The Ministry of Foreign Affairs yesterday applauded the London School of Economics and Political Science (LSE) for not changing the color of Taiwan on a sculpture of the globe on its campus, saying the decision tallies with the cross-strait “status quo.”
The university on March 26 unveiled the sculpture, titled The World Turned Upside Down by the Turner Prize-winning artist Mark Wallinger, outside its Saw Swee Hock Student Centre.
It is a political globe, 4m in diameter, with nation states and borders outlined, but with “the revolutionary twist of being inverted,” the university’s Web site says.
On the sculpture, Taiwan is labeled “Rep. China* (Taiwan)” and colored pink, while China is labeled “China (People’s Republic)” and colored yellow.
The representation irked the university’s Chinese students, who demanded that Taiwan and China be painted the same color, while Taiwanese students submitted a petition with more than 10,000 signatures urging the school to keep the original design.
The school in April said it was consulting experts and mulling changes to the sculpture, but later decided to retain the original design and erected a placard next to it.
“LSE is a place where people with different perspectives engage in respectful debate about major issues for the world,” the placard reads.
“The designated borders, colours, and place names do not imply endorsement by LSE concerning the legal status of any territory or borders,” it says. “There are many disputed borders and the artist has indicated some of these with an asterisk.”
An asterisk was placed beside Taiwan, as well as Palestine, which is entangled in territorial disputes with Israel.
The decision not only respects the artist’s original vision, but also reflects the “status quo” across the Taiwan Strait, the ministry said in a statement.
Many British lawmakers, academics and opinion leaders over the past few months have been calling on the school to maintain the artwork as is, the ministry said, expressing gratitude for their attention to the incident.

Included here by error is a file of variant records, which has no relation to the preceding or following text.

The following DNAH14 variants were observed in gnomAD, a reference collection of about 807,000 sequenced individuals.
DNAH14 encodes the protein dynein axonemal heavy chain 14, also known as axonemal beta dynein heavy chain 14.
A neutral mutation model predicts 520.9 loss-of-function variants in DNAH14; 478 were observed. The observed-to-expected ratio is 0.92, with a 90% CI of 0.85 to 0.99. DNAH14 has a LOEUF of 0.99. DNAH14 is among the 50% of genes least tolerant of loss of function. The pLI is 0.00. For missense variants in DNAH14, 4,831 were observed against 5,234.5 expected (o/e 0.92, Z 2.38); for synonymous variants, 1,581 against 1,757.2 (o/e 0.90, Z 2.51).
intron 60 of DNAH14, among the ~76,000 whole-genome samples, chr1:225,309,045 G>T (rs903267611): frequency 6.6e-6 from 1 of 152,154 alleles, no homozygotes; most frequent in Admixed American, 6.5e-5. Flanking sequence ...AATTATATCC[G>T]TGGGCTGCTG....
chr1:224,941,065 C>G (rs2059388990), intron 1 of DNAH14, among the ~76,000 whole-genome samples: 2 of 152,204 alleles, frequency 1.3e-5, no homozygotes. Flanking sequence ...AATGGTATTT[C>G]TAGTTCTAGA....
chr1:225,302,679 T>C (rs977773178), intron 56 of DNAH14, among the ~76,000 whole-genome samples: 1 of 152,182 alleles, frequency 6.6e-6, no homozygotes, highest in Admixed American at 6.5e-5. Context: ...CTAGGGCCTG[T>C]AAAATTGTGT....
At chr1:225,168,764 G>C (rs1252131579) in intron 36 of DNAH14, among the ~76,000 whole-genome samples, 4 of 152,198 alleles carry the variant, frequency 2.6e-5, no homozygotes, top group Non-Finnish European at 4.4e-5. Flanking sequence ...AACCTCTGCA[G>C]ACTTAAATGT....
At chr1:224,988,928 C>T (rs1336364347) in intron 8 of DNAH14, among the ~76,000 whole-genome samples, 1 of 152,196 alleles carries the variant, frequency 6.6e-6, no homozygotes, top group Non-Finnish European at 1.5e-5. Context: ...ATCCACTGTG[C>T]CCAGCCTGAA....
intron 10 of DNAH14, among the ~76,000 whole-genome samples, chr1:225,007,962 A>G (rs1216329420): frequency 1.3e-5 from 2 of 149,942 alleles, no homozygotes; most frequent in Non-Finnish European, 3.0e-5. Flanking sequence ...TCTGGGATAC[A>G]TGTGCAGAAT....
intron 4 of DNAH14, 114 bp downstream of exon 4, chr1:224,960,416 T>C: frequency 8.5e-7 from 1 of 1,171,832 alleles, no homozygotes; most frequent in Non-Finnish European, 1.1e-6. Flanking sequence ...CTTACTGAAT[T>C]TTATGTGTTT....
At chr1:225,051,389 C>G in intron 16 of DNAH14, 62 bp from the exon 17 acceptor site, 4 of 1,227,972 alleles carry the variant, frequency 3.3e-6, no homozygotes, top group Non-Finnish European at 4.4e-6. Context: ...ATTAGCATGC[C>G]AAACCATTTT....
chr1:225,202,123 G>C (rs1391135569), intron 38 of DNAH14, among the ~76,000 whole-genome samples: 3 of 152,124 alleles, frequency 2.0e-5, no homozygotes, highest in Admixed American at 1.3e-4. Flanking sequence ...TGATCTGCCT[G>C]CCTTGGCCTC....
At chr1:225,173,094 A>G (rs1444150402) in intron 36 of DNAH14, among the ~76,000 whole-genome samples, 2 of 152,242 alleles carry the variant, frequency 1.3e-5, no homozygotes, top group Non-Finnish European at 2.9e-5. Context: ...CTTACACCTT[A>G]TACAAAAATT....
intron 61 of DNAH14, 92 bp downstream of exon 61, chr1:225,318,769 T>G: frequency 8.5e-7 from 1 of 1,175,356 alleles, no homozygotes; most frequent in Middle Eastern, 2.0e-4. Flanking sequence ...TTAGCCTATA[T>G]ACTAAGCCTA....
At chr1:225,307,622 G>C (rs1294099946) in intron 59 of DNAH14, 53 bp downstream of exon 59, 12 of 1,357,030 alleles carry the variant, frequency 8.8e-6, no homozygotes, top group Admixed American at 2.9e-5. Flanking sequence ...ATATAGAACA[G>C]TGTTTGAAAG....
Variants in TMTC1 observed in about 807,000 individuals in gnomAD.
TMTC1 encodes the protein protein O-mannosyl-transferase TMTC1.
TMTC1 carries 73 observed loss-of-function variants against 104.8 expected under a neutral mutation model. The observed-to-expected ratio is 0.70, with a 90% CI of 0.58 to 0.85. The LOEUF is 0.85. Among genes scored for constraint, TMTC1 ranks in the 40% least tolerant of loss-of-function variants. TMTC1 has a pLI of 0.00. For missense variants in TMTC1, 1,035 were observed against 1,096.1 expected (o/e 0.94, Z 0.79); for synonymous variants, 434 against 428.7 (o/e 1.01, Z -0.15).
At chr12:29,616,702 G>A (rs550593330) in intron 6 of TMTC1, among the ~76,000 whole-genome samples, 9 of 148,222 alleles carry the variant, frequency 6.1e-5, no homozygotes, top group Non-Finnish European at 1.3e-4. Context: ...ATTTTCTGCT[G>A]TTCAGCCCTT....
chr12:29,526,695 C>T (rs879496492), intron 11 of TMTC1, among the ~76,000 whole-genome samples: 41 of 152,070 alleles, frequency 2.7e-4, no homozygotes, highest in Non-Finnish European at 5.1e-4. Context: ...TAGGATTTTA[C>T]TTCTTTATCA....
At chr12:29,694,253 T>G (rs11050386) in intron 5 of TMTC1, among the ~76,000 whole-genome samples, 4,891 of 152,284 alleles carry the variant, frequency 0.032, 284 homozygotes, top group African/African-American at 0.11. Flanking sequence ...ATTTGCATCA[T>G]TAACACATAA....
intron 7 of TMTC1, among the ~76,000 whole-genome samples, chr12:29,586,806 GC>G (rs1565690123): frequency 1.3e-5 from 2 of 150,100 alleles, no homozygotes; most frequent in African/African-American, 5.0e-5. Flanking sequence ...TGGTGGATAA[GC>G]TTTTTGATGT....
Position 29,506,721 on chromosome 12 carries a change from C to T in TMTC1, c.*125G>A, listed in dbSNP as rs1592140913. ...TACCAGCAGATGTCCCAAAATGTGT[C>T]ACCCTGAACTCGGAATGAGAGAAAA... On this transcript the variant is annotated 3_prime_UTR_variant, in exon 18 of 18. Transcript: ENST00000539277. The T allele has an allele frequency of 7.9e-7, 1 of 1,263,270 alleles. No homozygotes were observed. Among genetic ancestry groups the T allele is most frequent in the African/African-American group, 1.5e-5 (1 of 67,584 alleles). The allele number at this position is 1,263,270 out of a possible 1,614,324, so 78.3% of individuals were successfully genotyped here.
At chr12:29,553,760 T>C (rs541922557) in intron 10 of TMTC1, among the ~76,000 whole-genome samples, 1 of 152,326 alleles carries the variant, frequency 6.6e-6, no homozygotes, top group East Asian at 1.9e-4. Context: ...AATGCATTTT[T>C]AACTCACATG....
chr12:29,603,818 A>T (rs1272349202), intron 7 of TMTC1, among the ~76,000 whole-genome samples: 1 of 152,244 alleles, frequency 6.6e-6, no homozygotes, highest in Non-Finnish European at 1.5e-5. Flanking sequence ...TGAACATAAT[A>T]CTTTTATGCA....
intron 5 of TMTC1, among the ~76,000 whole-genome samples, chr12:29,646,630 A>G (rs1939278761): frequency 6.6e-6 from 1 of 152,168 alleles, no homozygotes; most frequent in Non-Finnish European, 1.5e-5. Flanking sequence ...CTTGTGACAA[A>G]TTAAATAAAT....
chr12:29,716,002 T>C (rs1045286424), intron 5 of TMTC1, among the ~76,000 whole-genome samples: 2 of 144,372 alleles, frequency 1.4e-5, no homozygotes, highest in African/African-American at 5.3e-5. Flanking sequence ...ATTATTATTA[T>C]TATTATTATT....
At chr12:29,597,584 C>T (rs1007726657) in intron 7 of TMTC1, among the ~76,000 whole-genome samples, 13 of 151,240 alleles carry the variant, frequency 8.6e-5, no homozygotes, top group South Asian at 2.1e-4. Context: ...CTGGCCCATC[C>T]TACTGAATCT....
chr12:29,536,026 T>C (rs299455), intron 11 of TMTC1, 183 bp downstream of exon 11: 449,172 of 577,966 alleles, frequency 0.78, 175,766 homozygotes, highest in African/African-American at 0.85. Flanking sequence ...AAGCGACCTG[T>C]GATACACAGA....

Minister of Foreign Affairs Joseph Wu (吳釗燮) on April 5 penned an open letter to LSE director Minouche Shafik, calling on the school not to change the artistic design due to Beijing’s pressure.
LSE has inspired many young Taiwanese in the pursuit of academic excellence and President Tsai Ing-wen (蔡英文) has always been proud of her LSE experience, Wu wrote.
Additional reporting by CNA
VITAL INDUSTRY: A war in the Strait would be a catastrophe, as Taiwan ‘lies at the heart’ of the world’s semiconductor industry, the magazine’s report said The government yesterday welcomed international attention on Taiwan’s security, saying that China is to blame for threatening regional stability, after a report by The Economist called Taiwan “the most dangerous place on Earth.” The report is featured on the cover of the magazine’s latest issue, which depicts the nation as the epicenter of a US-China rivalry. The cover shows Taiwan in a radar display with dots crossing the Taiwan Strait accompanied by a Chinese flag and dots nearing the east coast with a US flag. The US maintains a “one China” policy, while maintaining relations with Taiwan, but such “strategic ambiguity is breaking
HIGH-RISK GROUP: After the latest outbreak, family members of workers exposed to infection would from tomorrow be eligible for government-funded vaccines The Central Epidemic Command Center (CECC) yesterday reported four local COVID-19 cases: three family members of an infected worker at a quarantine hotel and a family member of an infected pilot. The new cases bring the number of infections involving China Airlines Ltd (中華航空) pilots and the Novotel Taipei Taoyuan International Airport hotel, where many of the airline’s crew members quarantined, to 24. Minister of Health and Welfare Chen Shih-chung (陳時中), who heads the center, said three of them are the husband, son and daughter of case No. 1,129, a woman in her 60s, who works at the hotel. The son is in
NEXT STEP? The contract chipmaker said it would decide whether to add more plants based on operation efficiency, cost economics and demand Taiwan Semiconductor Manufacturing Co (TSMC, 台積電) is planning to build several more chipmaking fabs in the US state of Arizona beyond the one already planned, three people familiar with the matter said. TSMC, the world’s largest contract chipmaker, announced in May last year that it would build a US$12 billion fab in Arizona. The 12-inch wafer fab in Phoenix is expected to start mass production in 2024, the Investment Commission said in December, when it approved the plan. Three sources familiar with the matter, speaking on condition of anonymity as they were not authorized to speak to the media, said that up
VIRUS CURBS: Visiting people staying at healthcare and long-term care facilities in Taipei, New Taipei City and Taoyuan is banned until May 17, the CECC announced The Central Epidemic Command Center (CECC) yesterday banned visits to patients or residents at healthcare and long-term care facilities in three cities until May 17. It also reported six imported cases of COVID-19 and two cases with unclear infection sources. As the number of locally transmitted cases rises, some of whom have visited many places in Taipei, New Taipei City and Taoyuan, enhanced disease prevention measures have to be implemented in the three cities, said Minister of Health and Welfare Chen Shih-chung (陳時中), who heads the center. “Visiting people staying at healthcare and long-term care facilities in Taipei, New Taipei City and